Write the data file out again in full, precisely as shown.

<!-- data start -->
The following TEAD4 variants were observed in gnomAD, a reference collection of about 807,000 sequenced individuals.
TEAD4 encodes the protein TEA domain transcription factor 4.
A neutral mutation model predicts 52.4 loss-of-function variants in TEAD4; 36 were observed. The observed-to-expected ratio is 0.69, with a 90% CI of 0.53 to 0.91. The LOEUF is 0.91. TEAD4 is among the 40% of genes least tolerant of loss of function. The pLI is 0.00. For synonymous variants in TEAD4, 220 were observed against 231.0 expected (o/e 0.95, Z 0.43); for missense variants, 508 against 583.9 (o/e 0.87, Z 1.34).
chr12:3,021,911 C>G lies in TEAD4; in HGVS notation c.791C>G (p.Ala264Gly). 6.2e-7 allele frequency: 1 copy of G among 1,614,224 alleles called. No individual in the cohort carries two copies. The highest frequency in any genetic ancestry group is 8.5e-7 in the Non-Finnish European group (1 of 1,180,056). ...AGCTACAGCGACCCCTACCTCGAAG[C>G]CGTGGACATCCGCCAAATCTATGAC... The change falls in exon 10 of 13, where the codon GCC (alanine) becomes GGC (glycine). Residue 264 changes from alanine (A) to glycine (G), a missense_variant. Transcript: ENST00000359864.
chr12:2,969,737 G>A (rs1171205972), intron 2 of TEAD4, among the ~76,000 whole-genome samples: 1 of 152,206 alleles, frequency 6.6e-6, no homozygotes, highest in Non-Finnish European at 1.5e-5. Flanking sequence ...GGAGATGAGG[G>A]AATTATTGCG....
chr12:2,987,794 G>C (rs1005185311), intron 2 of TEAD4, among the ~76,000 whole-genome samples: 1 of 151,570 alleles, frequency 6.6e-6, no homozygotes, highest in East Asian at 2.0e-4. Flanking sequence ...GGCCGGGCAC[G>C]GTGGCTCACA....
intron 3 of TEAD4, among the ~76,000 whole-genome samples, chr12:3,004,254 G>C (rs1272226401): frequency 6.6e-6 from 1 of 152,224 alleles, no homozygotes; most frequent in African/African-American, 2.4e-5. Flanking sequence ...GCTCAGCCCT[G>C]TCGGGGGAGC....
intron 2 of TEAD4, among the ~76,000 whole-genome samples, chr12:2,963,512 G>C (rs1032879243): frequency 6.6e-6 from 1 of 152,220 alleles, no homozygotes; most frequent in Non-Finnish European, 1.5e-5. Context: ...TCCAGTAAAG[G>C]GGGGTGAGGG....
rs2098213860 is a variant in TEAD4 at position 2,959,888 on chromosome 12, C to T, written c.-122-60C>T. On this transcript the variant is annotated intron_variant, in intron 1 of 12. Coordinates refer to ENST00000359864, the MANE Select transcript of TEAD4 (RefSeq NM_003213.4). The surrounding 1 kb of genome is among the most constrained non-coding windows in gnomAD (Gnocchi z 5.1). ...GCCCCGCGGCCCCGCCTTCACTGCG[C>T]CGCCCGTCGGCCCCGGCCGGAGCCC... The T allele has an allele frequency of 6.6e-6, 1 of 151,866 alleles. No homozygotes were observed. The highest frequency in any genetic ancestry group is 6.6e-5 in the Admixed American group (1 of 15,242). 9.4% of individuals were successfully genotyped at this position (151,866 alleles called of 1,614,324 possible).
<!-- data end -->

The following TEAD4 variants were observed in gnomAD, a reference collection of about 807,000 sequenced individuals.
TEAD4 encodes the protein TEA domain transcription factor 4.
A neutral mutation model predicts 52.4 loss-of-function variants in TEAD4; 36 were observed. The observed-to-expected ratio is 0.69, with a 90% CI of 0.53 to 0.91. The LOEUF is 0.91. TEAD4 is among the 40% of genes least tolerant of loss of function. The pLI is 0.00. For synonymous variants in TEAD4, 220 were observed against 231.0 expected (o/e 0.95, Z 0.43); for missense variants, 508 against 583.9 (o/e 0.87, Z 1.34).
chr12:3,021,911 C>G lies in TEAD4; in HGVS notation c.791C>G (p.Ala264Gly). 6.2e-7 allele frequency: 1 copy of G among 1,614,224 alleles called. No individual in the cohort carries two copies. The highest frequency in any genetic ancestry group is 8.5e-7 in the Non-Finnish European group (1 of 1,180,056). ...AGCTACAGCGACCCCTACCTCGAAG[C>G]CGTGGACATCCGCCAAATCTATGAC... The change falls in exon 10 of 13, where the codon GCC (alanine) becomes GGC (glycine). Residue 264 changes from alanine (A) to glycine (G), a missense_variant. Transcript: ENST00000359864.
chr12:2,969,737 G>A (rs1171205972), intron 2 of TEAD4, among the ~76,000 whole-genome samples: 1 of 152,206 alleles, frequency 6.6e-6, no homozygotes, highest in Non-Finnish European at 1.5e-5. Flanking sequence ...GGAGATGAGG[G>A]AATTATTGCG....
chr12:2,987,794 G>C (rs1005185311), intron 2 of TEAD4, among the ~76,000 whole-genome samples: 1 of 151,570 alleles, frequency 6.6e-6, no homozygotes, highest in East Asian at 2.0e-4. Flanking sequence ...GGCCGGGCAC[G>C]GTGGCTCACA....
intron 3 of TEAD4, among the ~76,000 whole-genome samples, chr12:3,004,254 G>C (rs1272226401): frequency 6.6e-6 from 1 of 152,224 alleles, no homozygotes; most frequent in African/African-American, 2.4e-5. Flanking sequence ...GCTCAGCCCT[G>C]TCGGGGGAGC....
intron 2 of TEAD4, among the ~76,000 whole-genome samples, chr12:2,963,512 G>C (rs1032879243): frequency 6.6e-6 from 1 of 152,220 alleles, no homozygotes; most frequent in Non-Finnish European, 1.5e-5. Context: ...TCCAGTAAAG[G>C]GGGGTGAGGG....
rs2098213860 is a variant in TEAD4 at position 2,959,888 on chromosome 12, C to T, written c.-122-60C>T. On this transcript the variant is annotated intron_variant, in intron 1 of 12. Coordinates refer to ENST00000359864, the MANE Select transcript of TEAD4 (RefSeq NM_003213.4). The surrounding 1 kb of genome is among the most constrained non-coding windows in gnomAD (Gnocchi z 5.1). ...GCCCCGCGGCCCCGCCTTCACTGCG[C>T]CGCCCGTCGGCCCCGGCCGGAGCCC... The T allele has an allele frequency of 6.6e-6, 1 of 151,866 alleles. No homozygotes were observed. The highest frequency in any genetic ancestry group is 6.6e-5 in the Admixed American group (1 of 15,242). 9.4% of individuals were successfully genotyped at this position (151,866 alleles called of 1,614,324 possible).